The sad thing for those of government who figure that using son’s and daughters like they are carrots before the ass unless they want the stick is they have to be sure that they protect the carrots First.

    Comment by Benjamin Easton — Mon 16th July 2007 @ 4:24 pm

  7. Benjamin,

    I didn’t read all you wrote but ‘Who are you for people to listen to.”

    What is your “specialality?”

    Why would they want to listen to you?

    Working hard is all good, I believe. but working smart and hard is the key.

    Comment by julie — Mon 16th July 2007 @ 4:39 pm

  8. “…the way I got it is that Michelle Boag was as much complicit in the construction of detail as anyone else in the programme”

    Thanks for the verification Benjamin, I was listening to a pocket transistor so I wasn’t able to always match voice with speaker. Lianne Dalziel’s and the other woman guest’s voices were the only two that I could clearly associate, so I assumed the diatribe was between them only.

    I distinctly heard Jim Mora begin to scoff at the woman who proposed that only men lacked ethics in business, but, for reasons best known to himself, he didn’t persist.

    I couldn’t agree more that new blood is needed, in any profession. It’s the 90% female figure in journalism that concerns me. Your comment about the 2 single-mother journalists you know supports this concern. Journalists are supposed to put their own emotions and sense of empathy to one side in pursuit of the truth. Wherever there is anger, most especially intense anger on a scale that one could call a social phenomenon, there is a truth waiting for the bold to write about. Journalists who won’t do this out of personal repugnance should get another job. As blunt as this sounds, how else can it be said?

    Comment by Rob Case — Mon 16th July 2007 @ 4:53 pm

  9. I don’t want anyone to listen to me Julie – I’m just blithering at the mouth as ever – waiting for an individual, like you, to organise a meeting in west Auckland where the men like me get a voice and there is enough likability about the organiser for noone to feel that they will be hurt. Because people like me ‘apparently’ are toxic and that we have undergone the pain of separation from our children and that our children have undergone that pain on the default by a system not reason enough to be heard.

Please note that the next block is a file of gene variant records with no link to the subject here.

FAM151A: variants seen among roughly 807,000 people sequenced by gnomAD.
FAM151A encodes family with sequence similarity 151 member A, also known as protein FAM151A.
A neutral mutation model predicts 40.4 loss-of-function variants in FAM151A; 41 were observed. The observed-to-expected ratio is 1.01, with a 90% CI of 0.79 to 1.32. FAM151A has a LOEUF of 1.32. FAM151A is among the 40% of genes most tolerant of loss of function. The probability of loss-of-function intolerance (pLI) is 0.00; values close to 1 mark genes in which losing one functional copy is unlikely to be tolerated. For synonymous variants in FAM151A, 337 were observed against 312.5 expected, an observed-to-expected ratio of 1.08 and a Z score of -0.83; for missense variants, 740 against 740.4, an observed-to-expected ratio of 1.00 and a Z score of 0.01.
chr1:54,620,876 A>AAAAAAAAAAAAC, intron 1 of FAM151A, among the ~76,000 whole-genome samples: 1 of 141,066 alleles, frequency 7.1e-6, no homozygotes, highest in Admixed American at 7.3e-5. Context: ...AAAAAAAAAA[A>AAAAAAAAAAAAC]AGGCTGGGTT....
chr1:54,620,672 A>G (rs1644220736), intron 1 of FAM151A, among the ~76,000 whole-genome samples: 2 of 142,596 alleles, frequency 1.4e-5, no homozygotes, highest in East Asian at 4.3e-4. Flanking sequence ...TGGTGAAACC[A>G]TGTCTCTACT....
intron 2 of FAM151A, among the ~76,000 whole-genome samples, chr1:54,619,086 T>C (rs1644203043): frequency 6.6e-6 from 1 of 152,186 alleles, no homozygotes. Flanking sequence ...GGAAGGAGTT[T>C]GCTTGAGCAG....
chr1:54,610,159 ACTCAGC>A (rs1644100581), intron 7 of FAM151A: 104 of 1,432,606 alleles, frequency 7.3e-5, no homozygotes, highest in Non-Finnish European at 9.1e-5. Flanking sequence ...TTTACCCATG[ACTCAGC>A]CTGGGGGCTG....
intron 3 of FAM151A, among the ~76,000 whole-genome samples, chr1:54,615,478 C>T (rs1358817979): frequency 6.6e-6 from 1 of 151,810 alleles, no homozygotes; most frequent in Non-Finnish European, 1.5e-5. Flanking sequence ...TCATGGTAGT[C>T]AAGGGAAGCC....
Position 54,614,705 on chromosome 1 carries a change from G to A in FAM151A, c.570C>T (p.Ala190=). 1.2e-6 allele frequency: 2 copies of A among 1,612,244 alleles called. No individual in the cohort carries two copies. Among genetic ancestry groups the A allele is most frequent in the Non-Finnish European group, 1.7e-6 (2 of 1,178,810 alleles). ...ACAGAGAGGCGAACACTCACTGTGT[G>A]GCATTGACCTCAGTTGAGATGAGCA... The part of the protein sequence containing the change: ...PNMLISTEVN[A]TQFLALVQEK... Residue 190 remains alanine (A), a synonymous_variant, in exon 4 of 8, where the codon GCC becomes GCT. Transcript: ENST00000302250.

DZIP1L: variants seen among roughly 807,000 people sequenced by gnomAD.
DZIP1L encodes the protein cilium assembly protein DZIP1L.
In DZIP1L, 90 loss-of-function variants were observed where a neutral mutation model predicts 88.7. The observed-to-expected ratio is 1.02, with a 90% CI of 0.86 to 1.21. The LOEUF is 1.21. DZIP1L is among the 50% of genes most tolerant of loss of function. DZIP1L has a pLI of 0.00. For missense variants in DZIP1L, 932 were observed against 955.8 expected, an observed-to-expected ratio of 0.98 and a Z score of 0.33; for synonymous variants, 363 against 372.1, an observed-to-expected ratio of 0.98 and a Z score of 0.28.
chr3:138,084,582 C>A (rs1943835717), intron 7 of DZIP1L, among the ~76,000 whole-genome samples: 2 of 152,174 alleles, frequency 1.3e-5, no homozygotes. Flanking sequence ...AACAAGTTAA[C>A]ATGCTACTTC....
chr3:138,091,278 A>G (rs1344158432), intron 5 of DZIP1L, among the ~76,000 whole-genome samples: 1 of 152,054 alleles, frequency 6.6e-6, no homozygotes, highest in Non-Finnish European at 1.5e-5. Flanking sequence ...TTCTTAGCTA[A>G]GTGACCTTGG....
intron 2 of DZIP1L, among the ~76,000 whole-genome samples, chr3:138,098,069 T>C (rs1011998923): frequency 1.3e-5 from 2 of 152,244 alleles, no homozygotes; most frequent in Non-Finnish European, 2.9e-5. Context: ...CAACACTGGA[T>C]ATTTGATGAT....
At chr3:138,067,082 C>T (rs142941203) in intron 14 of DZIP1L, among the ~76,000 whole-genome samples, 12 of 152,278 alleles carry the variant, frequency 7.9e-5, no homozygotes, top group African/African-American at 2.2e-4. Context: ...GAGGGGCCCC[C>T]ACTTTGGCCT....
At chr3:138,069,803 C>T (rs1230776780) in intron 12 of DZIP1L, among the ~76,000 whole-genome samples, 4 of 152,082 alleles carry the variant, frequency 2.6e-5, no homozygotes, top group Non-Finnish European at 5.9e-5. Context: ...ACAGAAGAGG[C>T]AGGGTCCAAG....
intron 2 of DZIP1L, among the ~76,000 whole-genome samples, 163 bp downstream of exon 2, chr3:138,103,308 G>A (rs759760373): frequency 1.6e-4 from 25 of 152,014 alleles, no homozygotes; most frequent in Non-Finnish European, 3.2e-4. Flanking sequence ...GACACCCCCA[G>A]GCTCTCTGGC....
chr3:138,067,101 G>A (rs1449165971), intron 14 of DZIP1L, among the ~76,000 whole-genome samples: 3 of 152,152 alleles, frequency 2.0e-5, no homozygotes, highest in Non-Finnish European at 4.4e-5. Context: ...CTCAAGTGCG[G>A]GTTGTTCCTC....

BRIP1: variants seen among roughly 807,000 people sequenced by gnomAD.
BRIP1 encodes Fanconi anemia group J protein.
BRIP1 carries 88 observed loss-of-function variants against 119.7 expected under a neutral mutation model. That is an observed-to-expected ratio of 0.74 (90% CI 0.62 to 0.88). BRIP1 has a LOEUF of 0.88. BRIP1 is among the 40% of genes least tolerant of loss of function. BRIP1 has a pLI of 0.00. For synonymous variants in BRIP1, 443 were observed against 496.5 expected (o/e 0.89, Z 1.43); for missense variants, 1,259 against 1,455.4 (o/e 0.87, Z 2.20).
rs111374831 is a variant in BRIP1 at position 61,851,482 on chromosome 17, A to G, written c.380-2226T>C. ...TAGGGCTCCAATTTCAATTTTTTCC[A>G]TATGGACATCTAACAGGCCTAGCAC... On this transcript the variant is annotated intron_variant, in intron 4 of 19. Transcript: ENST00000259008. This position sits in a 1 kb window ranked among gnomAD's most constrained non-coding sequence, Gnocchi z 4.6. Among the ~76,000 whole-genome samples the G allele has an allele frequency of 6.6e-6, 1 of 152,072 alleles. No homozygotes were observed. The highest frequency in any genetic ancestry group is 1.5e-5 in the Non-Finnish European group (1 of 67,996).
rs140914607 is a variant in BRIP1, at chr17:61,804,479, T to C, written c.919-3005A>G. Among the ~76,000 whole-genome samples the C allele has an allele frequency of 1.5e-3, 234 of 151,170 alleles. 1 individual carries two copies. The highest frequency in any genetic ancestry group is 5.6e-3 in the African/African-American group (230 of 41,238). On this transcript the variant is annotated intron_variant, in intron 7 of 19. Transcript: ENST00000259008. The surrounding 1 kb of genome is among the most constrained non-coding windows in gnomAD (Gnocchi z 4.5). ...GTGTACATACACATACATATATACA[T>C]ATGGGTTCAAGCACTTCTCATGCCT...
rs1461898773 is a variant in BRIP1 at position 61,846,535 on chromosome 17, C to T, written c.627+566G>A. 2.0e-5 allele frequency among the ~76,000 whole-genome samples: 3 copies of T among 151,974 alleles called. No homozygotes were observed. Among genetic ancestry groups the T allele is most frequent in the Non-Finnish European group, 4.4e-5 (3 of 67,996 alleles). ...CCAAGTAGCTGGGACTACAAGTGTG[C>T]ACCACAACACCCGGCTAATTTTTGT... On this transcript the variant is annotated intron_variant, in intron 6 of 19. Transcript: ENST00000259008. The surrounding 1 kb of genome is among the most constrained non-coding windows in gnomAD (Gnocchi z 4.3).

Do you get my point? My point is Julie is that it is people like me who are the reaon why people like you you help us to be heard – not implied we are not doing enough.

    UNless of course this is some form of mild indirect encouragement to express myself more to institute the exlpanation of what I am saying. Which it isn’t or you would have read the whole lot – not just up to the bit that made your heckles rise.

    June 10th & June 11th 2003. That’s me. You haven’t got anyone else in that department – not unless Bevan reinstitutes the power of his complaint on the HRC in a way we haven’t yet seen.

    I’m not being rude to you Julie I am being consistant but you are still missing what is being said. Don’t do anyhting different other than to think that there might be a slightly different light to which the picture is exposed.

    Comment by Benjamin Easton — Mon 16th July 2007 @ 5:11 pm

  10. Hey Rob,

    Women are different to males. Facts and feel are different too. It is not that hard to get the better of a female. (me excluded because I know too much, lol) But men can do it if they want to. And the same is for males from a females perspective.

    I read your comments and I smile because you are looking at logic even though I don’t comment after you. Yes, women go to University to find a worthwhile husband. That is common sense. A male with an education can earn well. But then so can a working class man with a woman loving him and behind the scenes.


    You came up to Auckland to motivate us. Remember? This group is just the beginning and it needs to grow to other areas. You can’t back down now. What I am doing in a way is scary because I have to fight even to get the local Mad Butcher shop to put my flyer in their window. The insanity to think men are monsters is everywhere. I can’t do this without you. Don’t you know that?